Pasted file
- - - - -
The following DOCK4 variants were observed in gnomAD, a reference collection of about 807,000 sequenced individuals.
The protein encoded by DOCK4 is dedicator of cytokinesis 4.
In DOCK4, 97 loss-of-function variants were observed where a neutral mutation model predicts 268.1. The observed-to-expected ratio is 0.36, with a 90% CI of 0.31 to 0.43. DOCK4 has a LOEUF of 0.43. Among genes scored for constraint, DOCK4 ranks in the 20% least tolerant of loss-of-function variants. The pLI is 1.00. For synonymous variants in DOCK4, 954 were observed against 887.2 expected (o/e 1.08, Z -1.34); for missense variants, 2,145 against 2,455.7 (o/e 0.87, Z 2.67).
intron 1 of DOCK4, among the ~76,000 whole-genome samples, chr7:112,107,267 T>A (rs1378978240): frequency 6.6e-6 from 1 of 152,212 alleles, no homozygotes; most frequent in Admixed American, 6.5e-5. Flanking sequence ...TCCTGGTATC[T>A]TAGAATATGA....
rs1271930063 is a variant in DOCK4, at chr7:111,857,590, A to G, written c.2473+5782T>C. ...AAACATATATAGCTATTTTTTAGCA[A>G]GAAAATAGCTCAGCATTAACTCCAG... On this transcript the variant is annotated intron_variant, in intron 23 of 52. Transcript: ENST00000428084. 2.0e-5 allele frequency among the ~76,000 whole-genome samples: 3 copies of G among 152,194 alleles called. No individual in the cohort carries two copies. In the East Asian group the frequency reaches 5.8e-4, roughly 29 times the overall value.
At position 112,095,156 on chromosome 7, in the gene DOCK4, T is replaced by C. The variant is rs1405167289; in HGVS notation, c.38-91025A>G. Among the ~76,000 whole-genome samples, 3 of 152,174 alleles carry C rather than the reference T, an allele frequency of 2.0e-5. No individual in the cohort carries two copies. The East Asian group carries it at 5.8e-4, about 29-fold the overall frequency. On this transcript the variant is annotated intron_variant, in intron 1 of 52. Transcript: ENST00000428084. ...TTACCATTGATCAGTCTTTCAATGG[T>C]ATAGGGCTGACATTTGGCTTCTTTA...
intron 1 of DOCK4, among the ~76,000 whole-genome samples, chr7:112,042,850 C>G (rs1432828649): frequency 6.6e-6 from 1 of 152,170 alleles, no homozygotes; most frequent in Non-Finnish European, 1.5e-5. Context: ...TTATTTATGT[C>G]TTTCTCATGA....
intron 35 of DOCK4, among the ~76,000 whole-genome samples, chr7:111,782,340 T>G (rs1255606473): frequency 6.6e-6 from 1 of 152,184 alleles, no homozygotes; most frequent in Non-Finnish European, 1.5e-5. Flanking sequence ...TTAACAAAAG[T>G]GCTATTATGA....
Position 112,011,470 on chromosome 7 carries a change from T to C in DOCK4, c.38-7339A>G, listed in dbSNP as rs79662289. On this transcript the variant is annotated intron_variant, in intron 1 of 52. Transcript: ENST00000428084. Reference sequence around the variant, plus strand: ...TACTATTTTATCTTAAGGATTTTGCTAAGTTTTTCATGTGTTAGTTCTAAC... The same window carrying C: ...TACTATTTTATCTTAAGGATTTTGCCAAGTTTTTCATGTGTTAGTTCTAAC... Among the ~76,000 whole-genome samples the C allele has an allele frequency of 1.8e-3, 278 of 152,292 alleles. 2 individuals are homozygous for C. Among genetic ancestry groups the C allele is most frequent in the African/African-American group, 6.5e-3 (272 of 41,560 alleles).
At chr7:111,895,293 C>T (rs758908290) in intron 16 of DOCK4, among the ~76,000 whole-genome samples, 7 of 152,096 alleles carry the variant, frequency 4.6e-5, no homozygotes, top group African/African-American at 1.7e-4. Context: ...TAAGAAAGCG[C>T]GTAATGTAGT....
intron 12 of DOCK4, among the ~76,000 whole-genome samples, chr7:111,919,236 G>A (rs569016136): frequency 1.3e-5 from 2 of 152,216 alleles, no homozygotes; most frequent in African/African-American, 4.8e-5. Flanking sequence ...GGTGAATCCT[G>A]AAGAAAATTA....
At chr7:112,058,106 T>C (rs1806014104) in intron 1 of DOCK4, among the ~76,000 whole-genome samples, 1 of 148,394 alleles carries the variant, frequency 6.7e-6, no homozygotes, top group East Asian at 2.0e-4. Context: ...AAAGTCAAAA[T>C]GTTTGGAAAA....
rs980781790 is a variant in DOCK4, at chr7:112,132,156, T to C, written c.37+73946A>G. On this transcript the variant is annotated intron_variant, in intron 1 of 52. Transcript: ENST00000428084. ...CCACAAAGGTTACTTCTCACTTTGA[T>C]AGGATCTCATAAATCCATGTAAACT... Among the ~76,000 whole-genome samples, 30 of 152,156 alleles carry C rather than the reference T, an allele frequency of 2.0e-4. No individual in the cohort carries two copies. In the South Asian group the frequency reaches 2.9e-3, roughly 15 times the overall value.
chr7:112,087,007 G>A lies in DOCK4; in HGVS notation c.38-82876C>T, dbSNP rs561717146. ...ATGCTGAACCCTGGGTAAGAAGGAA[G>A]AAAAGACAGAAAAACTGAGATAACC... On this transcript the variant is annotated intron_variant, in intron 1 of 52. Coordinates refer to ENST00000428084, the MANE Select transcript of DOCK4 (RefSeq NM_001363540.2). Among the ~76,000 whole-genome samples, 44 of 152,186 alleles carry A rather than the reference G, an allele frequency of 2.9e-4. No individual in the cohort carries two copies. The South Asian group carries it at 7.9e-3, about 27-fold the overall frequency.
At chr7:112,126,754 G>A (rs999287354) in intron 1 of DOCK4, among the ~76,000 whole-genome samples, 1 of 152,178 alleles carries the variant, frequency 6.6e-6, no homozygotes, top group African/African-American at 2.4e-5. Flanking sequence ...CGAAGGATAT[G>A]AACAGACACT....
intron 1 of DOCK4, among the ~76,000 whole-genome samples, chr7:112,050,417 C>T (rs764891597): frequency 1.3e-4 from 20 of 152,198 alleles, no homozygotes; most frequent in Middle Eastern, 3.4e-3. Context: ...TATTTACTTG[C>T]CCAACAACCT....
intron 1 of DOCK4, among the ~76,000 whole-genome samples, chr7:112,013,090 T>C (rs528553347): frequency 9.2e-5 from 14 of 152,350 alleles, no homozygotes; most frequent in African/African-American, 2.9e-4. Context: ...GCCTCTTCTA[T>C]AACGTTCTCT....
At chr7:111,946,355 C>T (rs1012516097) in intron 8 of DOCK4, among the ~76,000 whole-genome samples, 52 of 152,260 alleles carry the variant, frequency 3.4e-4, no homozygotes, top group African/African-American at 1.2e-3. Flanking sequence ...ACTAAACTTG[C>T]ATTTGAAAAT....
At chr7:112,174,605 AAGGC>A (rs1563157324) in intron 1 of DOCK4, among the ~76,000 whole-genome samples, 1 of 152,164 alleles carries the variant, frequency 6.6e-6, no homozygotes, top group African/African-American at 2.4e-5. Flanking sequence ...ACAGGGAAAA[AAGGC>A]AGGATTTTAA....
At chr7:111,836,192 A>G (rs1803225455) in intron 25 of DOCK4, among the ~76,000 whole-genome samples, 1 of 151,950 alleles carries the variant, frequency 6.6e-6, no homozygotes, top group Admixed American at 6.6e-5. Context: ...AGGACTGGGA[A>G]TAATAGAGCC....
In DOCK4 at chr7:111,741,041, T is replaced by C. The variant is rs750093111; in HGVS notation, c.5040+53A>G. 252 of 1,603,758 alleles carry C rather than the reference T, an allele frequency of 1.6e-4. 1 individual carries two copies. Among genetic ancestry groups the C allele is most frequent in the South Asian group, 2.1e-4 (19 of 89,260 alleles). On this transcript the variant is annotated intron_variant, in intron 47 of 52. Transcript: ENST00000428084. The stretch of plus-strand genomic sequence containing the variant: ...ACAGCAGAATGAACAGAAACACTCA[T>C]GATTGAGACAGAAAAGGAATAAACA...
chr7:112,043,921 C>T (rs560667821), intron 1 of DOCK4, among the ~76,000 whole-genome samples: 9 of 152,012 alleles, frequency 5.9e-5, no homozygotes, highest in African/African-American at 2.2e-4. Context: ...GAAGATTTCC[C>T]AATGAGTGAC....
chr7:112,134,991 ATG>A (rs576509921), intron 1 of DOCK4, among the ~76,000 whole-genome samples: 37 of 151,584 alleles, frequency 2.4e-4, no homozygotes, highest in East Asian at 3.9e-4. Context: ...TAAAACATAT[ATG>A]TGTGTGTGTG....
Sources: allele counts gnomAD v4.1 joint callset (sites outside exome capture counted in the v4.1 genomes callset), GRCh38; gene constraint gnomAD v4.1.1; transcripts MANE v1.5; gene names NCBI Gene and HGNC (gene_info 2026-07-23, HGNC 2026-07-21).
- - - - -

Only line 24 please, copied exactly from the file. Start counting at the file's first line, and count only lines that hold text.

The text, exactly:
Sources: allele counts gnomAD v4.1 joint callset (sites outside exome capture counted in the v4.1 genomes callset), GRCh38; gene constraint gnomAD v4.1.1; transcripts MANE v1.5; gene names NCBI Gene and HGNC (gene_info 2026-07-23, HGNC 2026-07-21).